Almost everything. The ghostly island of Ailsa Craig, a lump of volcanic granite 10 miles off the coast that provides the world with its curling stones and a nesting ground for umpteen species of bird including puffins and gannets, isn’t for moving, so the hotel has its own boat, a thundering all-weather RIB that can make the crossing from the nearby town of Girvan in around 25 minutes.

Captain Roddy and second-in-command David, a cheery pair of (semi-)retired locals, take us on a personalised tour of the island, which has been uninhabited since the 1970s. David spent his teenage summers here working the granite quarry and talks wistfully of better times as we tour the lighthouse’s abandoned cottages and rusting outbuildings. With clearly mixed emotions, he tells me that the cottages’ current owner, Scottish Indian business tycoon Bobby Sandhu, has plans to turn them into holiday homes, having bought the site for just £85,000 some years ago.

Will, ever faithful, is with us of course, and serves us a couscous and salmon lunch dockside before volunteering to take my sea-sick daughter scavenging on the beach while the rest of us sail around the island to view the nesting birds. As memorable as the towering shards of rock on which thousands upon thousands of birds perch is Will’s pitch-perfect older brother routine.

Back on dry land, we’re offered the chance to trial the latest addition to Glenapp’s extensive activity list, forest bathing. To our surprise, there’s no instruction to don a pair of bathers and meet loch-side for a nipple-shrinking dip – instead, we’re introduced to Chris, a gentle soul with a long, grey beard and an even longer plait running down his back, who leads us on a two-hour walk through the magical 110-acre woodland that surrounds the castle.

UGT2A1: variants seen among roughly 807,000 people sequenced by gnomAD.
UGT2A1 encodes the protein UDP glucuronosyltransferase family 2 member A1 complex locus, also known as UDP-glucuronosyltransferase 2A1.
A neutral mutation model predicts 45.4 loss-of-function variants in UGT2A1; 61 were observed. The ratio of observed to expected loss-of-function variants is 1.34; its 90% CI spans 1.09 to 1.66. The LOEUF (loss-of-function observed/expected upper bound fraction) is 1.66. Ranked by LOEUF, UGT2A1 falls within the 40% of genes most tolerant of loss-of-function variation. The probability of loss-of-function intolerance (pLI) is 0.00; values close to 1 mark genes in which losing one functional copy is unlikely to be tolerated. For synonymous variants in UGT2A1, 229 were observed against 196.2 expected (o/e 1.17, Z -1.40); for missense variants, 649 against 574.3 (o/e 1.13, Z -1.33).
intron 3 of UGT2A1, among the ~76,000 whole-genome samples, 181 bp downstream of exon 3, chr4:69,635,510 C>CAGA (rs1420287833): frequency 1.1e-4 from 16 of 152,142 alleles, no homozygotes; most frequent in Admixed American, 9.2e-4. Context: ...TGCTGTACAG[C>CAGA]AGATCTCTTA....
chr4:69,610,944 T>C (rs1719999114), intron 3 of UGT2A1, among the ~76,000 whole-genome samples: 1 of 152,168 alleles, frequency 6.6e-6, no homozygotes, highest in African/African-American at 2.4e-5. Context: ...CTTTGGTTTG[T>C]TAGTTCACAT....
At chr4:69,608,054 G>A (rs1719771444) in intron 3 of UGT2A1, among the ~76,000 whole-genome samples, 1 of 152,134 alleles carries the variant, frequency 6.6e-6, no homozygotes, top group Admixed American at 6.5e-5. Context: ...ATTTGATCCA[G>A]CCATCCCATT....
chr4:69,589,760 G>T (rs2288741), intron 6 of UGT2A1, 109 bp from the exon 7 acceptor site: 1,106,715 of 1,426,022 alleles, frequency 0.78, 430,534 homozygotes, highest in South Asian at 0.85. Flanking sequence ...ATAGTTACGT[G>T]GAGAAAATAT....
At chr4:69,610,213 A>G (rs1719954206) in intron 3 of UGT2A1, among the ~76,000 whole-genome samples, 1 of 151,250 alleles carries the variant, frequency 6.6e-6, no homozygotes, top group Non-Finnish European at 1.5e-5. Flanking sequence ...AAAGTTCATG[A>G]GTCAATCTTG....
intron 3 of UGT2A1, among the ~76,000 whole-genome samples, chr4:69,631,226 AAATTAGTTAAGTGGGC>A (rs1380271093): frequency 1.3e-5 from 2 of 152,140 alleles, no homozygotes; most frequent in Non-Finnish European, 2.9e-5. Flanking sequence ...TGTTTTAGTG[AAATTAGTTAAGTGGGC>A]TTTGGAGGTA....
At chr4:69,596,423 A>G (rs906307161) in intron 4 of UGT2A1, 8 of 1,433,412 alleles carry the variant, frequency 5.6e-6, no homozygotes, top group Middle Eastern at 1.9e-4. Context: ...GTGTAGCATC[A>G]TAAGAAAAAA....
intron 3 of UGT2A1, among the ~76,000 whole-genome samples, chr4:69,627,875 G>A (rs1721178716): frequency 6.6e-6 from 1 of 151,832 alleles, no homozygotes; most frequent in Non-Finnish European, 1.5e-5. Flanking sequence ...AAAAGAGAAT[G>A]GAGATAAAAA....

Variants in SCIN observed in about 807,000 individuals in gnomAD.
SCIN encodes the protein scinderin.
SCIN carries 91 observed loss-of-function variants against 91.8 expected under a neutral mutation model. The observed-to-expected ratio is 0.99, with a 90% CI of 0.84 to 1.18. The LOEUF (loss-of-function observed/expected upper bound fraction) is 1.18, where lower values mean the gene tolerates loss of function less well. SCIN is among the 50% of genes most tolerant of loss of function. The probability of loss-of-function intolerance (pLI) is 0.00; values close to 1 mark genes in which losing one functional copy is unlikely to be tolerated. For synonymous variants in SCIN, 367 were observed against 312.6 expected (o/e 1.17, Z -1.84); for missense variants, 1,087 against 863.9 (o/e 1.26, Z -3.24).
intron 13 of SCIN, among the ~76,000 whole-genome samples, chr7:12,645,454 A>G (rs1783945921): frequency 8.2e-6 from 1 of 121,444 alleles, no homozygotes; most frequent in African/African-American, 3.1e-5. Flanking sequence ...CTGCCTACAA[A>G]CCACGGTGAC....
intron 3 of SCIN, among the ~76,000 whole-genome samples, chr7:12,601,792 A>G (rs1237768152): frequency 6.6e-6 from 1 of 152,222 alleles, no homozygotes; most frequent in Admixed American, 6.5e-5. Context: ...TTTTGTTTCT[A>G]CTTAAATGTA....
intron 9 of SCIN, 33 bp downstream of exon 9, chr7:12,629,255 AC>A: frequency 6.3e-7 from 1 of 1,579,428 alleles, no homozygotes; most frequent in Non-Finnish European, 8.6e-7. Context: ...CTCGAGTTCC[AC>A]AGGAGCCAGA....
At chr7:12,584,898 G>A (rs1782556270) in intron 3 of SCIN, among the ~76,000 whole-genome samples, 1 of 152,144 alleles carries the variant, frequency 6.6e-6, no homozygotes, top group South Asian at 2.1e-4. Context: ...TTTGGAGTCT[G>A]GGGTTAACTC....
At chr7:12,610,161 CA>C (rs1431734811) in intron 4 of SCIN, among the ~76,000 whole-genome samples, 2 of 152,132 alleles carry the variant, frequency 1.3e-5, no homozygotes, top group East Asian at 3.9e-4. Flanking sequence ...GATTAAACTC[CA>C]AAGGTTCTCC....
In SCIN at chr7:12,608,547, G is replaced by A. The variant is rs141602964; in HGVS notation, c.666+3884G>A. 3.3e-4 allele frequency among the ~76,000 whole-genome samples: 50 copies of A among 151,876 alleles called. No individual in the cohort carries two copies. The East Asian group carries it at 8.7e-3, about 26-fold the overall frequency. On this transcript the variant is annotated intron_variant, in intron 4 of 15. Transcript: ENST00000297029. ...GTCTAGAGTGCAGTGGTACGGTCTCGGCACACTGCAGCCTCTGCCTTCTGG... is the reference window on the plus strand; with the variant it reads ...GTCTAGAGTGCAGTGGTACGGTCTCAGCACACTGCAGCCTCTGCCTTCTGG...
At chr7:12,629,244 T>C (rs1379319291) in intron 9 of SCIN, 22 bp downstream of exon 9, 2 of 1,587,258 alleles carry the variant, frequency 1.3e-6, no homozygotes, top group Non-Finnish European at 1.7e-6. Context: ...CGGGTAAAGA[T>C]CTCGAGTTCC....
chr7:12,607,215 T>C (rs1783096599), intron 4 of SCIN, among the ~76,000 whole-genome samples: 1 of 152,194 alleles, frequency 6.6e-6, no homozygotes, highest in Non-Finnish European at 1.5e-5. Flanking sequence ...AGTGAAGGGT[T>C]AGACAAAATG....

Chris, who tells us he was once a traveller but now runs his own local adventure company and brews gin having landed here 30 years ago, invites us to listen to the sounds of nature, feel the energy of the trees and sample his lime blossom tea, which he prepares for us while crouching, elf-like, on a rock in the middle of a stream. It’s a bit weird initially, but walking through the glen and inhaling the sweet summery smells of the forest as the light trickles through the canopy, our city-folk cynicism evaporates to be replaced by a fresh gratitude for the beauty of nature.

And for Glenapp. If it were needed, Chris’s forest school for grown-ups has sealed the deal – Glenapp and the south Ayrshire coast have won us. And, according to Szkiler, it’s only going to get better. He’s set aside further millions to develop other buildings on the estate to add a further 12 rooms, a pool and a wellness centre. Warp factor 10 relaxation levels.

The Endeavour, pictured directly above, is available from £4500 per night high season and £3,250 per night in low season. glenappcastle.com